South Australia Pokies Venues to Implement Facial Recognition Technology

South Australia pokie venues are hot on installing facial recognition technology to identify problem gamblers

Note acceptors on pokies are set to becoming more common in South Australia, only if venues implement facial recognition technology.

South Australian pokies venues are happy to provide machines that accept notes if facial recognition technology is employed, The Advertiser reported. This tech identifies problem gamblers playing pokies. Consequently, the venue removes them from playing as soon as the software identifies them.

Catherine Earl is the policy director for South Australia Council of Social Service (SACOSS). Earl is not happy about more pokies accepting notes. She calls it a step backwards since it makes it easier for problem gamblers to gamble.

“SACOSS is concerned about the harm in the community that will result. Gambling is already responsible for significant harm in our communities, not just for individuals but whole families. This will just make it even easier for people to get into trouble.”

South Australians shouldn’t have any concerns about their privacy, according to Acting Attorney General Rob Lucas.

“Maintaining both the integrity of this data and the privacy of patrons has been a key consideration when determining the policy governing the use of facial recognition technology.”

Facial Recognition Isn’t Anything New

Facial recognition technology isn’t anything new because it has been around since the 1960s. U.S. intelligence agencies and the military pooled funding to create the first known facial recognition tech. The technology advanced quickly from the year 2012 thanks, in part, to developments in high-quality cameras.

The best software is extremely accurate. Facial recognition software outperformed all but the very best human experts in a 2017 study. The software measures dozens of facial attributes to create a template of a person’s face. This makes it possible to recognise the person from different angles, which is handy for catching those trying to evade the cameras.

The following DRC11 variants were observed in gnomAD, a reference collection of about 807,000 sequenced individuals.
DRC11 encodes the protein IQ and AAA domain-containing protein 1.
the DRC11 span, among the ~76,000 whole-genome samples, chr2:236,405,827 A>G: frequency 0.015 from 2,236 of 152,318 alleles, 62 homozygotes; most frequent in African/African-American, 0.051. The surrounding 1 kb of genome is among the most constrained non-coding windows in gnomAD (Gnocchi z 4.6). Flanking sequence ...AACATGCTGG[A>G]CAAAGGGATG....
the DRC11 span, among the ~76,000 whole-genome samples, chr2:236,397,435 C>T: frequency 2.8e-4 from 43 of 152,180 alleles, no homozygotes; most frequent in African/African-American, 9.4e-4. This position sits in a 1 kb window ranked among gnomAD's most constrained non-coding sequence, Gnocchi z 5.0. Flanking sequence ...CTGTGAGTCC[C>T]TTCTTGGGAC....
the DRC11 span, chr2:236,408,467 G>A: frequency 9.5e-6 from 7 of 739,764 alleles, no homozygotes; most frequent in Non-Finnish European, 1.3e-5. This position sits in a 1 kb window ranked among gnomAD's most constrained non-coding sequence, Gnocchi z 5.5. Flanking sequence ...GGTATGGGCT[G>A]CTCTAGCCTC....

New technology takes three-dimensional measurements so even photographs cannot fool it.

There are seven facial recognition technology firms to choose from. One, Vix Vizion, is based in Queensland. Swinburne University employs its tech to assist in identifying troublemakers on campus.

Venues Gearing Up To Install New Tech

Adelaide Casino has facial recognition technology with more venues set to follow. Others venues haven’t pulled the trigger yet because they are waiting for increased competition from providers.

Ian Horne is the state chief for the Australian Hotels Association. He is happy the software catches problem gamblers.

“We are very pleased that there are now seven providers out in the market, which creates a level of competition and makes them more price competitive. If the industry was going to enjoy the benefits of new technology including note acceptors, part of that was to also greatly enhance our capacity to identify problem gamblers with facial recognition.”

Tech Advancing at a Rapid Rate

Facial recognition technology has come on in leaps and bounds. US company RealNetworks developed a system to help count people wearing masks at the 2020 UEFA Super Cup.

Japanese multinational technology company NEC is at the forefront of this tech. It developed a system that still works even if a person wears a mask or face covering. The software identifies people in under a second yet it has a 99.9% accuracy rate.

A lack of privacy is the number one concern for people the technology targets. As a result, the local government is creating strict rules and regulations. There is no doubt guidelines will be ultra-strict and all data encrypted before storing.

People fearing for their privacy won’t have had their minds put at ease by the recent Huawei scandal. The Chinese tech firm patented technology that identifies people of Uighur origin.

Uighur people belong to a mostly Muslim ethnic group that mainly lives in the Xinjiang province. China has persecuted Uighurs for centuries, with thousands confined to forced-labour camps. China, obviously, denies such camps exist.

Huwaei altered its patent to remove the Chinese wording about detecting Uighur people. Furthermore, the United States banned Huwaei from trading with it in August 2018. This means Huwaei mobile phone users have limited access to certain apps, including those Google make.